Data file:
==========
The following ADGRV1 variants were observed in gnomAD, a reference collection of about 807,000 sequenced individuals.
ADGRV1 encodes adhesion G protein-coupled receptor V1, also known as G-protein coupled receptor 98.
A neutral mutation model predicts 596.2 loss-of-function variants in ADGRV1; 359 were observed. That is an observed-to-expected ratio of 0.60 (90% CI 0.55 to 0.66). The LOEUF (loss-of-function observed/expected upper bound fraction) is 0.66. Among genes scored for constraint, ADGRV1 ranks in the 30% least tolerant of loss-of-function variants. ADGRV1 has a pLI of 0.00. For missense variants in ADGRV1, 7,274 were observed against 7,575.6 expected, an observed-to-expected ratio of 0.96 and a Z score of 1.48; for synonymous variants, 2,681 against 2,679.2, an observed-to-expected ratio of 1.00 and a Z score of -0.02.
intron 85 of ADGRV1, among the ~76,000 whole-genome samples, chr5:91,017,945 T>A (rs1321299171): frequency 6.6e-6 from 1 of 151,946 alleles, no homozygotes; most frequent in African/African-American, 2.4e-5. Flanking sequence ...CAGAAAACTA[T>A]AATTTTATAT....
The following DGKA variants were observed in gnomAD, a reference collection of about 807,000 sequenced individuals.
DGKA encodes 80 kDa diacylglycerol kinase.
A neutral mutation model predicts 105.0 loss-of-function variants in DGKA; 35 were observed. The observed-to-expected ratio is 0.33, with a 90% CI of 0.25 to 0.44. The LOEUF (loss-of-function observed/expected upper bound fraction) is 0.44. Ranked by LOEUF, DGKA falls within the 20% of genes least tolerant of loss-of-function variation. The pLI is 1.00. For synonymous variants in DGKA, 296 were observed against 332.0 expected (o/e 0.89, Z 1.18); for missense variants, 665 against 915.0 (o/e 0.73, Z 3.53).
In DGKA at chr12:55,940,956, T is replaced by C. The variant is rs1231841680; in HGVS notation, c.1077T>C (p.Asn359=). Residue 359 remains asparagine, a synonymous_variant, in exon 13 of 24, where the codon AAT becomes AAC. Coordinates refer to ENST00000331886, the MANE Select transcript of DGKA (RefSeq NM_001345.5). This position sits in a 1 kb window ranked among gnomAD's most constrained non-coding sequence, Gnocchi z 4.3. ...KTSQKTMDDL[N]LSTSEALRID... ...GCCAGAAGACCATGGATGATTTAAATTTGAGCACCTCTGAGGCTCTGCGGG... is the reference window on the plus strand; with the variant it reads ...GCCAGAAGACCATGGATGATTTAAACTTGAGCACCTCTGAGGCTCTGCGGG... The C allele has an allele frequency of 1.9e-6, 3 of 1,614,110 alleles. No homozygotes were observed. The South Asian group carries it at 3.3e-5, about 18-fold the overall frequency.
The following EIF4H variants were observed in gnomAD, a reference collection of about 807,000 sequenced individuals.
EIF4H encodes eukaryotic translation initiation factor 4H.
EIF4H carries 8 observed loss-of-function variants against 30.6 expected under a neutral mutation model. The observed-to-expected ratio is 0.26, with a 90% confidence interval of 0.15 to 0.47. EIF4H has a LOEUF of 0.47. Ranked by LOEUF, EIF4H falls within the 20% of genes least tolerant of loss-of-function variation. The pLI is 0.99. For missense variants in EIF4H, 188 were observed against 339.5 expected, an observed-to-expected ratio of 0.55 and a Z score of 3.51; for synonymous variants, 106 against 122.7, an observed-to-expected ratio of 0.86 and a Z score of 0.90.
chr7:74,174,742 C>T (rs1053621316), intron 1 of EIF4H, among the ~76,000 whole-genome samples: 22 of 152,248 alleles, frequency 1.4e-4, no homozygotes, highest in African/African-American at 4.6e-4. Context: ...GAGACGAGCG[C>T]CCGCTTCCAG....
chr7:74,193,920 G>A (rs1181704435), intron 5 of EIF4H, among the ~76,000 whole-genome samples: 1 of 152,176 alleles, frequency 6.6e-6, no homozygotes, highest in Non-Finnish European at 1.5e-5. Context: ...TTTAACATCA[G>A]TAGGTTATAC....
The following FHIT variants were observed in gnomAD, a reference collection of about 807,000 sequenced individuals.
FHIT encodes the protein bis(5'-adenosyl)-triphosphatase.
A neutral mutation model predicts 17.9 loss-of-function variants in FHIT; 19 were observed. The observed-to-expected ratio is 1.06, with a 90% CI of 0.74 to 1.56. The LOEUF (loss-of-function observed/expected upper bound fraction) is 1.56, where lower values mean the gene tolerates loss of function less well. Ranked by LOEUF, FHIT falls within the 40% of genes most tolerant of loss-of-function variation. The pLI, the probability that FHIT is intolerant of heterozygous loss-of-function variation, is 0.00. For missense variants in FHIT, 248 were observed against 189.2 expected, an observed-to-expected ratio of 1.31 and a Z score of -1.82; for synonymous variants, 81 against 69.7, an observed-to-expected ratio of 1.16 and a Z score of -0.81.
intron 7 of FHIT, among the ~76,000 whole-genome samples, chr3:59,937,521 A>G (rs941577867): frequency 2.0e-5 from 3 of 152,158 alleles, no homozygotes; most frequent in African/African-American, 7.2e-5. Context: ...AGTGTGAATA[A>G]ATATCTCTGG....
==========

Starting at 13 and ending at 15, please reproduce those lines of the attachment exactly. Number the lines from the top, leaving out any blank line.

chr7:74,193,920 G>A (rs1181704435), intron 5 of EIF4H, among the ~76,000 whole-genome samples: 1 of 152,176 alleles, frequency 6.6e-6, no homozygotes, highest in Non-Finnish European at 1.5e-5. Context: ...TTTAACATCA[G>A]TAGGTTATAC....
The following FHIT variants were observed in gnomAD, a reference collection of about 807,000 sequenced individuals.
FHIT encodes the protein bis(5'-adenosyl)-triphosphatase.